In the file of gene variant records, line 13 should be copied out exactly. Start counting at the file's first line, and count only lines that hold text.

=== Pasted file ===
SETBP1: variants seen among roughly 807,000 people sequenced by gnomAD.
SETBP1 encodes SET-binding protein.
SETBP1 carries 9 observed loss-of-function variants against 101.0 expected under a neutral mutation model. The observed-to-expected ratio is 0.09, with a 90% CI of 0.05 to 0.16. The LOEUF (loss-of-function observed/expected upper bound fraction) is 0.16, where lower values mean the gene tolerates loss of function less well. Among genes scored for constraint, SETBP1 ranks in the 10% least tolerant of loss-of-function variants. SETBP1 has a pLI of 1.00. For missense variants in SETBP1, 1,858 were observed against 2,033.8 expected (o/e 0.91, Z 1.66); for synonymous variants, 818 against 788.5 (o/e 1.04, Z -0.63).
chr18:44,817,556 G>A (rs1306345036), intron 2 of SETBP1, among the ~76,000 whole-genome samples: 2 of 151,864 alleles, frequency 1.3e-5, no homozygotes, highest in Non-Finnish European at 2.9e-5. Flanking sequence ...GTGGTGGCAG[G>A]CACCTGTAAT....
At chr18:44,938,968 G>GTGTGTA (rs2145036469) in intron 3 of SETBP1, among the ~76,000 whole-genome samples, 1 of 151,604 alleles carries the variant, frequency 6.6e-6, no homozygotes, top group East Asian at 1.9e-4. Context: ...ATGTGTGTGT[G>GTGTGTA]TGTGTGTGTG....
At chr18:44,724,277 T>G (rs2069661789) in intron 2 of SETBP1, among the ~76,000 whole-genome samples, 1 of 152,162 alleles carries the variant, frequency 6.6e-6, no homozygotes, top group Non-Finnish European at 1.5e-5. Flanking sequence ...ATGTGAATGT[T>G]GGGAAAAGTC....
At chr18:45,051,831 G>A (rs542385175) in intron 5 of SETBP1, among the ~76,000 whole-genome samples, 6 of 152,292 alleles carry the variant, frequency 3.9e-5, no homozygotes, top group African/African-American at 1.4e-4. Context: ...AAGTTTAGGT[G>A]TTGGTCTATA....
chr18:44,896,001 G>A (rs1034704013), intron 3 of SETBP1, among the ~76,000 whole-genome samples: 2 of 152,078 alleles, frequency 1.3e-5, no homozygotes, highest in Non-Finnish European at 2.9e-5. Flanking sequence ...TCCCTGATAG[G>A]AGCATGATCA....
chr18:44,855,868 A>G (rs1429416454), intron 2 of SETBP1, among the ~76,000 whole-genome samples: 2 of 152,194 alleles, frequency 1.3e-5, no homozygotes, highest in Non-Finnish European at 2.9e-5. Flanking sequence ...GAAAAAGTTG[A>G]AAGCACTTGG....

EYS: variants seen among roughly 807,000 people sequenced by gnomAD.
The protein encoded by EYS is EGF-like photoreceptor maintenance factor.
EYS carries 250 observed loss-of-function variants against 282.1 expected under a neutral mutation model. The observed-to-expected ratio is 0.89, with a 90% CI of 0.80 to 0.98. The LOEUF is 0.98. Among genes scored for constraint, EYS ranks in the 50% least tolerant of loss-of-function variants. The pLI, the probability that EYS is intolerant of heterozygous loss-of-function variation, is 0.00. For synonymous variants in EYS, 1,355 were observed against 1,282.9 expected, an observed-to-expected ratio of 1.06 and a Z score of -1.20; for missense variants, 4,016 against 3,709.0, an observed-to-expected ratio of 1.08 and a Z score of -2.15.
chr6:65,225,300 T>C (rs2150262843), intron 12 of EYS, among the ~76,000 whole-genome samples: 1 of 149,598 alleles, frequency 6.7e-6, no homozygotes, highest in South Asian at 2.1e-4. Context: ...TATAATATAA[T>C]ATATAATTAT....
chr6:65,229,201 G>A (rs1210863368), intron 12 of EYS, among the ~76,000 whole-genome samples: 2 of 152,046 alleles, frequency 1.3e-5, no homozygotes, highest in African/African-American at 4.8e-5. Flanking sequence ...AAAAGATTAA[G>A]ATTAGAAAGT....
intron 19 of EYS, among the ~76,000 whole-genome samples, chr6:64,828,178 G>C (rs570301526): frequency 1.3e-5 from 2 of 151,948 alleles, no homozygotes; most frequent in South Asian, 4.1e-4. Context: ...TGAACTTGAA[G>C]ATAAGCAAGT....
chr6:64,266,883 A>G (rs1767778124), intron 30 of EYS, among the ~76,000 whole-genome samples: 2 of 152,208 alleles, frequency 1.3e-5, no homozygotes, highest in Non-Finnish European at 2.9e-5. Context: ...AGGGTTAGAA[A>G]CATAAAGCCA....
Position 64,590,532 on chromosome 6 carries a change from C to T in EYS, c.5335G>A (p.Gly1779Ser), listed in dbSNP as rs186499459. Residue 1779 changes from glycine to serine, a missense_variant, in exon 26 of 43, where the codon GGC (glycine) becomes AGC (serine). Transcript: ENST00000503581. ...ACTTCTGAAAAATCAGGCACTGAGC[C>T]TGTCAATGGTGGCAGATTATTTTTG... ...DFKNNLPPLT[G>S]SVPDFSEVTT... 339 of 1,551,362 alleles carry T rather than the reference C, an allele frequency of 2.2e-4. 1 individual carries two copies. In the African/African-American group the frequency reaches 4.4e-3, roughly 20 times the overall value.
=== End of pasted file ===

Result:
chr6:65,225,300 T>C (rs2150262843), intron 12 of EYS, among the ~76,000 whole-genome samples: 1 of 149,598 alleles, frequency 6.7e-6, no homozygotes, highest in South Asian at 2.1e-4. Context: ...TATAATATAA[T>C]ATATAATTAT....